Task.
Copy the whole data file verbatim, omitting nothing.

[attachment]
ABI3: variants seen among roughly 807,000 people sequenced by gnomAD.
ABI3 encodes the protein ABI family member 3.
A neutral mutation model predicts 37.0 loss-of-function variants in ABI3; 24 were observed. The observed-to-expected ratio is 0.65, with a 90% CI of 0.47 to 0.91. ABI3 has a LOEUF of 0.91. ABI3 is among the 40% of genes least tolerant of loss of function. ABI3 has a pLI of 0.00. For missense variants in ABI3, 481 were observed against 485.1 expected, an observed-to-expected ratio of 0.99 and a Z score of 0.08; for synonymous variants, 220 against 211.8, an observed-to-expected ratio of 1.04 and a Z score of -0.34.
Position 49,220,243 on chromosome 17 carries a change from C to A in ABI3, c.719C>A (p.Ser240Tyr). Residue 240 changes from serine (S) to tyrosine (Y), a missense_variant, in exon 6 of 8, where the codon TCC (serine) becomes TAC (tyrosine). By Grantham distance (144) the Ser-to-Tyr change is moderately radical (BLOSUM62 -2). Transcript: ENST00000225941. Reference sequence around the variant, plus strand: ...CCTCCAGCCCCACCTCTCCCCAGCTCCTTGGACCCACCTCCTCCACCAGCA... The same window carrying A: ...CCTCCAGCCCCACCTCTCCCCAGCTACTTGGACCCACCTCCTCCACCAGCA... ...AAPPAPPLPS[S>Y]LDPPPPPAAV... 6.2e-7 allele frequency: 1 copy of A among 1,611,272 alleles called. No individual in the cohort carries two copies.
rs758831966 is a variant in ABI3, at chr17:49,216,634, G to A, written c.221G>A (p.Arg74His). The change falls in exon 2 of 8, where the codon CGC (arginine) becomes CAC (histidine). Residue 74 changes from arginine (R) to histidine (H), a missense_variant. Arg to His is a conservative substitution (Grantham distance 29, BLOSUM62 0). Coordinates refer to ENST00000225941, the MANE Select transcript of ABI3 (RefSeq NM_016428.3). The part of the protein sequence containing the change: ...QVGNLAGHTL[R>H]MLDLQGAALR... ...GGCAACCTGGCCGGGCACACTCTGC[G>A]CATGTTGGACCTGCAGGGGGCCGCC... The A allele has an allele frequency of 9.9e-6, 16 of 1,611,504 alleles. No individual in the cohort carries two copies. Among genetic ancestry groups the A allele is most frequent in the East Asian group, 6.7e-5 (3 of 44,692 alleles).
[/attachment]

ABI3: variants seen among roughly 807,000 people sequenced by gnomAD.
ABI3 encodes the protein ABI family member 3.
A neutral mutation model predicts 37.0 loss-of-function variants in ABI3; 24 were observed. The observed-to-expected ratio is 0.65, with a 90% CI of 0.47 to 0.91. ABI3 has a LOEUF of 0.91. ABI3 is among the 40% of genes least tolerant of loss of function. ABI3 has a pLI of 0.00. For missense variants in ABI3, 481 were observed against 485.1 expected, an observed-to-expected ratio of 0.99 and a Z score of 0.08; for synonymous variants, 220 against 211.8, an observed-to-expected ratio of 1.04 and a Z score of -0.34.
Position 49,220,243 on chromosome 17 carries a change from C to A in ABI3, c.719C>A (p.Ser240Tyr). Residue 240 changes from serine (S) to tyrosine (Y), a missense_variant, in exon 6 of 8, where the codon TCC (serine) becomes TAC (tyrosine). By Grantham distance (144) the Ser-to-Tyr change is moderately radical (BLOSUM62 -2). Transcript: ENST00000225941. Reference sequence around the variant, plus strand: ...CCTCCAGCCCCACCTCTCCCCAGCTCCTTGGACCCACCTCCTCCACCAGCA... The same window carrying A: ...CCTCCAGCCCCACCTCTCCCCAGCTACTTGGACCCACCTCCTCCACCAGCA... ...AAPPAPPLPS[S>Y]LDPPPPPAAV... 6.2e-7 allele frequency: 1 copy of A among 1,611,272 alleles called. No individual in the cohort carries two copies.
rs758831966 is a variant in ABI3, at chr17:49,216,634, G to A, written c.221G>A (p.Arg74His). The change falls in exon 2 of 8, where the codon CGC (arginine) becomes CAC (histidine). Residue 74 changes from arginine (R) to histidine (H), a missense_variant. Arg to His is a conservative substitution (Grantham distance 29, BLOSUM62 0). Coordinates refer to ENST00000225941, the MANE Select transcript of ABI3 (RefSeq NM_016428.3). The part of the protein sequence containing the change: ...QVGNLAGHTL[R>H]MLDLQGAALR... ...GGCAACCTGGCCGGGCACACTCTGC[G>A]CATGTTGGACCTGCAGGGGGCCGCC... The A allele has an allele frequency of 9.9e-6, 16 of 1,611,504 alleles. No individual in the cohort carries two copies. Among genetic ancestry groups the A allele is most frequent in the East Asian group, 6.7e-5 (3 of 44,692 alleles).